The Professional Rugby Organization (PRO Rugby) announced the formation of the first professional rugby league. Exclusively sanctioned by USA Rugby and World Rugby, competition will begin in April 2016 with six teams in major metropolitan areas in the Northeast, the Rocky Mountains and California. Venues and coaches will be announced starting this week with playing rosters to follow.
USA Rugby Chairman Bob Latham added, “As the fastest growing team sport in the USA, it is the time to have a sanctioned professional competition. We are very happy to partner with PRO Rugby in taking this step to popularize the game, to inspire Americans to fall in love with rugby, and to show the rugby world what American players can do.” 2017 will see the addition of Canadian-based teams, with Jim Dixon –GM Rugby Operations and Performance commenting, “Rugby Canada looks forward to working with Pro Rugby on sanctioning the competition in Canada for the 2017 season and beyond.”
“Rugby is a natural fit for our country,” said Doug Schoninger, PRO Rugby CEO. “Participation and interest in the sport is at an all-time high and the demand for a professional competition is clear.” In its inaugural year, the PRO Rugby 2016 season will feature 10 games per club and run from April – July in medium-size venues, allowing fans to connect with their teams, and build the sense of camaraderie and loyalty that the game is associated with. We look forward to working with the existing rugby community to provide a pathway for local players into the professional ranks, completing the pathway from youth player to professional.”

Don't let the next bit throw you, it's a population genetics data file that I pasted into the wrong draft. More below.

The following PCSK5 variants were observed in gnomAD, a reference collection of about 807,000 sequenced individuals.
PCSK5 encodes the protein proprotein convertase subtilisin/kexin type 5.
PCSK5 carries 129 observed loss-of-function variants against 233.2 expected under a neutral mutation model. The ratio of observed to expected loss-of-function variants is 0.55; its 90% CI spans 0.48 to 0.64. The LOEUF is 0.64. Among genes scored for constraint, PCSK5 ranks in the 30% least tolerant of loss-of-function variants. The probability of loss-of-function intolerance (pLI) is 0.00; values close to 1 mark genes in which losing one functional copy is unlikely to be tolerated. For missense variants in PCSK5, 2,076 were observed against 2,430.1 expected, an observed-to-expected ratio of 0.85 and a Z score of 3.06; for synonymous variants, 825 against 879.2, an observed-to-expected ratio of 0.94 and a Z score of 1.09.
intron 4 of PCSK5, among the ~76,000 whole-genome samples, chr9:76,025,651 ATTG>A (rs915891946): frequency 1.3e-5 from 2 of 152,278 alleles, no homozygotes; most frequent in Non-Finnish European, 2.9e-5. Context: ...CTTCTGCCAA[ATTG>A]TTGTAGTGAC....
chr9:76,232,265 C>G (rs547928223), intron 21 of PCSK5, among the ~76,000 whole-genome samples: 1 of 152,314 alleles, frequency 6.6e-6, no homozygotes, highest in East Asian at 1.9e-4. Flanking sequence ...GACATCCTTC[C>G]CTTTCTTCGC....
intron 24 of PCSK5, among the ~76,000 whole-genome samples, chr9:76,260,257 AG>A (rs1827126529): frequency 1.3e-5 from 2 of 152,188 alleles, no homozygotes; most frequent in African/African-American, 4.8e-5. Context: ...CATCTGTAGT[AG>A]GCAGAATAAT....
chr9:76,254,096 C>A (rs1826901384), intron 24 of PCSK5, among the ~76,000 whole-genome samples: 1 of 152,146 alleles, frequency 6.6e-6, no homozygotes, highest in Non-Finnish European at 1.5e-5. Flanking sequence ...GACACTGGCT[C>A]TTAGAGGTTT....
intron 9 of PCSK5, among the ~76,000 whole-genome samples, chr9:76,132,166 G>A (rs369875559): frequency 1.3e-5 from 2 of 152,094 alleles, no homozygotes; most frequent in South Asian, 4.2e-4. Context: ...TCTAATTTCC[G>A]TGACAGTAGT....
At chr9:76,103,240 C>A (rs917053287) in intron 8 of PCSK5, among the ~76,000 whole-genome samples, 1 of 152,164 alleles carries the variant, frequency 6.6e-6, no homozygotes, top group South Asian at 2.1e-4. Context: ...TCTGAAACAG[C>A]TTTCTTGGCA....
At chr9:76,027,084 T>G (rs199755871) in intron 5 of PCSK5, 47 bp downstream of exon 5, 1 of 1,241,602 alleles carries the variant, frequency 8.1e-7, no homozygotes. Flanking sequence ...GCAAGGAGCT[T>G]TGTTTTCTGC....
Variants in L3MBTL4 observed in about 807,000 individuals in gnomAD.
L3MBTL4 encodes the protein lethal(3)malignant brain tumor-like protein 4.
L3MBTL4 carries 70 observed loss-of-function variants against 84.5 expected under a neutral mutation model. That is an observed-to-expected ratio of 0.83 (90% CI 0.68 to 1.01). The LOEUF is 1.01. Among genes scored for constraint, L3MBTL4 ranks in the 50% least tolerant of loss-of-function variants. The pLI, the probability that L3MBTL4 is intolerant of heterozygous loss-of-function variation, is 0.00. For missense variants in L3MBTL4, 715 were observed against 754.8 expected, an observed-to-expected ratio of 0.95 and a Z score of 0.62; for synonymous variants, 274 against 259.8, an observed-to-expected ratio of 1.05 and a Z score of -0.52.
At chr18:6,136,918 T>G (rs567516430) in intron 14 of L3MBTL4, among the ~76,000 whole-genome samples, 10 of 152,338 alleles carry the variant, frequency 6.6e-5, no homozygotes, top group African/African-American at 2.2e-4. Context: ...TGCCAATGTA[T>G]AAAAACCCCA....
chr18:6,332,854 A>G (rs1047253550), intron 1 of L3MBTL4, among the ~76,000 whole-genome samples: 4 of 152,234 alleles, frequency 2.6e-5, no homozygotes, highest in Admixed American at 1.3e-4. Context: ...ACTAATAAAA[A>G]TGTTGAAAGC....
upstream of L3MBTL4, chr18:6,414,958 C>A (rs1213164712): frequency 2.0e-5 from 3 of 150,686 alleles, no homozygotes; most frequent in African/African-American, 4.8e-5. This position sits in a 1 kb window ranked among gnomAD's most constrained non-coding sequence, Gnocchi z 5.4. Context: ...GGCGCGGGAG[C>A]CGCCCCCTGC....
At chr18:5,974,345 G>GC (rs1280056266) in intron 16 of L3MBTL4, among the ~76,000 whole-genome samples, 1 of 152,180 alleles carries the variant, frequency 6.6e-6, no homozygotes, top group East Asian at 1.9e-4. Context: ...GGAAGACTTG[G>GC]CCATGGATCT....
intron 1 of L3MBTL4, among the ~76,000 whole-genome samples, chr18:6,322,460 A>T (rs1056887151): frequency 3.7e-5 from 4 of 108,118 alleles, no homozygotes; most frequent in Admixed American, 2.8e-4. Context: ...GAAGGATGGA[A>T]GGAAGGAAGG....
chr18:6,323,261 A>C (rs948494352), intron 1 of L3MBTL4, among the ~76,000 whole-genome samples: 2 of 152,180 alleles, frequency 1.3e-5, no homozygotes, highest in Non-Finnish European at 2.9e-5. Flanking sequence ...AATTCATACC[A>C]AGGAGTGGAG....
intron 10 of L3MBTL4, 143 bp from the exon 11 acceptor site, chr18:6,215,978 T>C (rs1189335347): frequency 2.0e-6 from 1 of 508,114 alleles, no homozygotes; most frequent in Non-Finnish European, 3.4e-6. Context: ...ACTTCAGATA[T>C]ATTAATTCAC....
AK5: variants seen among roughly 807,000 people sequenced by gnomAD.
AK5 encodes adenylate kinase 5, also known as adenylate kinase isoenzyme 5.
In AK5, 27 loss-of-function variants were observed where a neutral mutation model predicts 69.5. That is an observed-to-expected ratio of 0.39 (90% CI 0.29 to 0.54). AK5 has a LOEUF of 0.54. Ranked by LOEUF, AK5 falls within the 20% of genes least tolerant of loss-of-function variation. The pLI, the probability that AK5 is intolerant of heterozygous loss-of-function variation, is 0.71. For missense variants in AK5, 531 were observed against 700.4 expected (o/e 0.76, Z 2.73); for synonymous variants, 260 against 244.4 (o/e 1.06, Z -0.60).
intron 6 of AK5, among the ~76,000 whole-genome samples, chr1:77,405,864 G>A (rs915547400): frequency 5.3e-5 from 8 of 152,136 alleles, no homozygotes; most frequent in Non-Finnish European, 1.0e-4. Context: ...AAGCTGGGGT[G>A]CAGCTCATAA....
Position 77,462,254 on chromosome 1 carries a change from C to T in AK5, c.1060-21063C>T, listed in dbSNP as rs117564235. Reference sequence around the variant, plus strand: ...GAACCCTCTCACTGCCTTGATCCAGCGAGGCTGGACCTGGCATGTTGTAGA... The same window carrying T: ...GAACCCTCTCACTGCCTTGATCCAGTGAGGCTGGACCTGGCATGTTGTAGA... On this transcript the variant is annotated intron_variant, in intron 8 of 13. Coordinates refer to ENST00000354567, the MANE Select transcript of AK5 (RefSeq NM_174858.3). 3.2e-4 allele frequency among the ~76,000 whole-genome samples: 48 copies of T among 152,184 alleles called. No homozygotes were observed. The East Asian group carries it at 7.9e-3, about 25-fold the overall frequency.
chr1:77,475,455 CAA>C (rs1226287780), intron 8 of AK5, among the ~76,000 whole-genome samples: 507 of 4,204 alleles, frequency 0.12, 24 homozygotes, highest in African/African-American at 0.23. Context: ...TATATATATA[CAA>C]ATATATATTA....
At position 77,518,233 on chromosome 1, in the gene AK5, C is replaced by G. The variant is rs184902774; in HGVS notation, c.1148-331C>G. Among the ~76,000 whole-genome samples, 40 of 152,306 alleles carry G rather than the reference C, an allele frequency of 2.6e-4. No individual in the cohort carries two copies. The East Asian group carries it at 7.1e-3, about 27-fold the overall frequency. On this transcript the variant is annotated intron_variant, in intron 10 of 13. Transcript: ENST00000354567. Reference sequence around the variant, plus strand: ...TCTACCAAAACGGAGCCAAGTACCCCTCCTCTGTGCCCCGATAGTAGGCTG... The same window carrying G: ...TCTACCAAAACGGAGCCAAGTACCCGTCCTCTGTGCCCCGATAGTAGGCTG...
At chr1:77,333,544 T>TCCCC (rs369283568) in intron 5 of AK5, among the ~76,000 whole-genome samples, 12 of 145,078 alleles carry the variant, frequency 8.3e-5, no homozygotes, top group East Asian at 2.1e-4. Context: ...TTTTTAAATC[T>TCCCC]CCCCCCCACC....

“We welcome North American teams into the international rugby family.” said World Rugby CEO Brett Gosper. “With PRO Rugby in place, US and Canadian players will be able to train year round and play in elite competition, something that has been sorely missing from rugby development in North America.”
“With the completion of the record-breaking 2015 Rugby World Cup in England, and the reintroduction of the sport into the 2016 Rio Olympics, now is the time to launch,” said Schoninger. “Professional rugby is a relatively young sport, with players, coaches and fans who are passionate about the game and the values of integrity, discipline, and respect that it inspires. A lot of people feel pro sports used to be a positive influence – it built character and provided role models, but not so much anymore. I believe that by adhering to rugby’s core beliefs, we can reclaim those lost sporting values and provide opportunity for a new generation of North American rugby players.”